Saving for retirement is like flossing–everyone knows they need to, but many are slow to get around to it. According to a survey of retirees by Bankers Life and Casualty’s “Center for a Secure Retirement,” 39% of participants said the most important advice they could give the younger generations was “save for the future.”
Saving for retirement can be a challenge for a lot of reasons, but especially if you are employed by a small business. A recent Pew report revealed that only 53% of small and medium-sized businesses offer any kind of retirement plan to their employees. If you run a small business, you know how challenging it can be to afford the costs associated with retirement plans. You also need the staff available to handle the necessary administrative work.
The Retirement Enhancement and Savings Act could potentially help you offer retirement benefits. If you are wondering where this legislation stands now, and how it could affect your business, read on.
What is the Retirement Enhancement and Savings Act?
In 2016, the U.S. Congress tried to help more small businesses offer retirement plans by creating the Retirement Enhancement and Savings Act. It received bipartisan approval by the Finance Committee but never progressed further because Congress adjourned before taking action.
The 2018 version of the bill is essentially the same as that proposed in 2016. The Retirement Enhancement and Savings Act (RESA) actually a compiles many small incentives and other legislative aids to help Americans plan their retirement savings more effectively. Here are the main components:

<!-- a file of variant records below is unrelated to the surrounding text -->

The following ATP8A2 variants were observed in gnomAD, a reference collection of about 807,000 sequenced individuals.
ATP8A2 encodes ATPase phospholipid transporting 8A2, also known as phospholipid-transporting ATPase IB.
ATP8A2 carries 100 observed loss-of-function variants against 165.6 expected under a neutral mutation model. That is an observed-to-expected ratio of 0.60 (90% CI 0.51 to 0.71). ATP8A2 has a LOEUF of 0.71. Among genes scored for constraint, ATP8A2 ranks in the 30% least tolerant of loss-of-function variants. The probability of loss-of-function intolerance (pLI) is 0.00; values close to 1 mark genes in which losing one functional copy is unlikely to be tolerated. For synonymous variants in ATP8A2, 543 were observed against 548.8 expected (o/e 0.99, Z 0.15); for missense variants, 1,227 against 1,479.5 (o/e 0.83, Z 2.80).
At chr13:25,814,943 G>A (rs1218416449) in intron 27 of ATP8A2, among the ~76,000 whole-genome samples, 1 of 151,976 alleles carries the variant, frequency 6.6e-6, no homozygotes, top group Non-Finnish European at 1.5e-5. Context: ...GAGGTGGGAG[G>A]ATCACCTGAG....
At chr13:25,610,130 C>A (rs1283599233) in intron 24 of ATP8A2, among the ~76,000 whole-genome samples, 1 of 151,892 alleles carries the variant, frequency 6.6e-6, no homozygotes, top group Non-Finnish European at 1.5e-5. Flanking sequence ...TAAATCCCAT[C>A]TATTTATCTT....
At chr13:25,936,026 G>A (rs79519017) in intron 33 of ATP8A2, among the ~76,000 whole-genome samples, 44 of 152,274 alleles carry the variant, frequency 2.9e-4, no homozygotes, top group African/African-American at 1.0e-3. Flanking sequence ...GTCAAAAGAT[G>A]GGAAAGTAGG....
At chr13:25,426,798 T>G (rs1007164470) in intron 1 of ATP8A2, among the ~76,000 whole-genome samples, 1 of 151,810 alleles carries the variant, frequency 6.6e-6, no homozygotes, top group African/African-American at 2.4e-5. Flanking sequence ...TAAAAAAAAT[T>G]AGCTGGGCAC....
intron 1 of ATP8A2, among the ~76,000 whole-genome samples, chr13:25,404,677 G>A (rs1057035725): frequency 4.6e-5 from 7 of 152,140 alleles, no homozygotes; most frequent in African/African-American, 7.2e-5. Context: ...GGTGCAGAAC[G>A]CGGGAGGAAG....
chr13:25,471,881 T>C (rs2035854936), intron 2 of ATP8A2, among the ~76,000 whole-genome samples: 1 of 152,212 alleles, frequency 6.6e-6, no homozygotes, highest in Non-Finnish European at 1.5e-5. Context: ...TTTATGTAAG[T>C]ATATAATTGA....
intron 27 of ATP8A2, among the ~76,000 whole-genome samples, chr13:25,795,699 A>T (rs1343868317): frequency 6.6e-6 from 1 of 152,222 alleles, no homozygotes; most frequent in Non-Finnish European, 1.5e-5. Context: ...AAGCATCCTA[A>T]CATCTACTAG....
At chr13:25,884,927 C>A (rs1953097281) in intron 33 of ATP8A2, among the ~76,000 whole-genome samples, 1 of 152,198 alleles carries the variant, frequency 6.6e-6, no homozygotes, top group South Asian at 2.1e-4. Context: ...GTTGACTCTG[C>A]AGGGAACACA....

Multiple Employer Plans (MEPs)
One of the provisions of RESA would help small employers who can’t afford the cost or administrative load of 401(K) plans to band together in order to share costs. MEPs already exist, but with limited scope. The Retirement Enhancement and Savings Act would eliminate the requirement that participating employers have something in common–like being branches of a chain store. Also, currently if one member of a MEP breaks the rules, the entire MEP ends. RESA would modify that.
Repeals Age Requirement for IRAs
Currently, you can’t contribute to an IRA after the age of 70 ½. This legislation would get rid of that age limitation.
RESA offers tax credit incentives to encourage small business employers to start retirement plans for their employees.
Easier to Have Annuities
RESA modifies the rules about including annuities in retirement plans, making it easier for employers to offer them. Employees are also able to roll over their annuities into IRAs under RESA, if they change jobs.
As you can see, this bipartisan legislation would offer a number of benefits regarding retirement plans. It will be interesting to watch its progress through Congress this year.
What to Look For
A decision on RESA is expected as part of what some are calling “Tax Reform 2.0.” It constitutes a follow-up to last year’s Tax Cuts and Jobs Act. There is debate about whether a vote will take place before or after the November midterm election. So stay tuned and, if you need assistance with your small business accounting, contact us.